On Thursday I realized I had forgotten my lunch at work, so I set out into the wild streets of Philadelphia to find the nearest Five Guys and, thus, my salvation from hunger.
I passed a man less than a block from my office who asked me if I had a moment to help out Planned Parenthood. My initial response—largely caused by being harassed by ACLU canvassers for the last few months—was to say “No, thank you” and walk away.
I got a few paces more down the sidewalk and stopped, wondering why I had turned him down carte blanche. He wasn’t an obnoxious ACLU canvasser, and I had no idea what he was actually going to ask me for, so I had no real reason to turn him down. So I went back.
“What about Planned Parenthood?” I asked, not bothering to hide the reservations in my voice. I was ready to hear about a ballot initiative or a petition that would secure state funding for the women’s health organization. I was prepared to defend myself, like I have to do every time this question comes up.
You see, it’s not that I don’t care about Planned Parenthood. I do. Being a libertarian doesn’t make me think that Planned Parenthood is an “abortion factory” or that it is somehow immoral. These are not the grounds upon which I oppose funding to Planned Parenthood. I oppose state funding because I care about the organization, its services, and its future.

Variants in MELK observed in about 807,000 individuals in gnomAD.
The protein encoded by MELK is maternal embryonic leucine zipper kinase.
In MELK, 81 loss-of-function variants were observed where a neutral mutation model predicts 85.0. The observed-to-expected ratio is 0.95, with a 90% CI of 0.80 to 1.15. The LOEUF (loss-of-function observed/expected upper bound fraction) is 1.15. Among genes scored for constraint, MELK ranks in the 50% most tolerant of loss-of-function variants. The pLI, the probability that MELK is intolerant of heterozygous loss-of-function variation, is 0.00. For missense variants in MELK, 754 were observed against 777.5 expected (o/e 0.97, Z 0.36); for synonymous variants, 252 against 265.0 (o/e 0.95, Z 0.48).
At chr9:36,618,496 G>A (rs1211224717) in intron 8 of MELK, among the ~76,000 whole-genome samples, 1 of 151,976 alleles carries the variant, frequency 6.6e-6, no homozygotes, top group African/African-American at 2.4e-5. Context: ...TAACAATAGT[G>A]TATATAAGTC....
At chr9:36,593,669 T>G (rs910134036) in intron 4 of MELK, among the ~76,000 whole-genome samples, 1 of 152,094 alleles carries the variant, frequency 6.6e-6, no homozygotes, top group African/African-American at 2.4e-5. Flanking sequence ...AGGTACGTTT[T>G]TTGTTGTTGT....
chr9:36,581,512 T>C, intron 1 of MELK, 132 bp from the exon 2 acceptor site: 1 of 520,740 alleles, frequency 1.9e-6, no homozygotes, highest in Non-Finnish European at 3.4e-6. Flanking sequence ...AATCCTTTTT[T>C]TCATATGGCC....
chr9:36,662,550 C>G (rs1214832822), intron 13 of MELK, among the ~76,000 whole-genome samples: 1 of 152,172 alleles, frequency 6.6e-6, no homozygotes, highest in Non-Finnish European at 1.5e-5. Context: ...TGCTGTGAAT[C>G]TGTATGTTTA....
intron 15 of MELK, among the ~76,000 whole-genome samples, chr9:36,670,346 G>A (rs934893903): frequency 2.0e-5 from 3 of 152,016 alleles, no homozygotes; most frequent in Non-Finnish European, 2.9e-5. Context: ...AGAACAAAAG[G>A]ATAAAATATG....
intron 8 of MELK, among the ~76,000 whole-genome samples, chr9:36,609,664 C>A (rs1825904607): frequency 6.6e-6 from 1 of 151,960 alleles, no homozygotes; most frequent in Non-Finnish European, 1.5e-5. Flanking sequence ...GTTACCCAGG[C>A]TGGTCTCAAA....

Part of the reason why Planned Parenthood is subject its the ups and downs that it is is because of state funding. Aside from the legality of abortion generally, Planned Parenthood would not be under as much scrutiny by Congress as it is now if it didn’t receive funding. They would have no hold on them! How hollow would the cries of social conservatives be to “defund Planned Parenthood” if in fact Planned Parenthood was independent and called its own shots? Hollow indeed, my friends.
And this does not necessarily mean that Planned Parenthood would go under or even have to scale back. True, about a third of Planned Parenthood’s funding comes from the state, but that doesn’t mean that it could not make up those funds by other means. The canvasser on the street told me that they were stepping up their fundraising efforts in order to get off of state funding.
Imagine if you took all of the people who cared about women’s health, so much that they took time to protest or lobby Congress for funding, and all of those people gave at least $25 to Planned Parenthood. Or, for those who couldn’t pay, to volunteer for the organization. It would be better, too, if you got some kind of tax deduction for your time or money.
Actually, that’s how Planned Parenthood works. They’re a non-profit. That means if you care enough about women’s health, you could help Planned Parenthood out instead of asking other people to pay it for you. It is, all-in-all, a win-win. You get to care about women’s health and further that value because it’s important to you, and Planned Parenthood maintains its autonomy, kicking politics out of women’s health so that women who need health services can get them.
See how easy that was? It’s time that we cared enough about issues to put our money and time where our mouths are and not just ask other people to pay for it.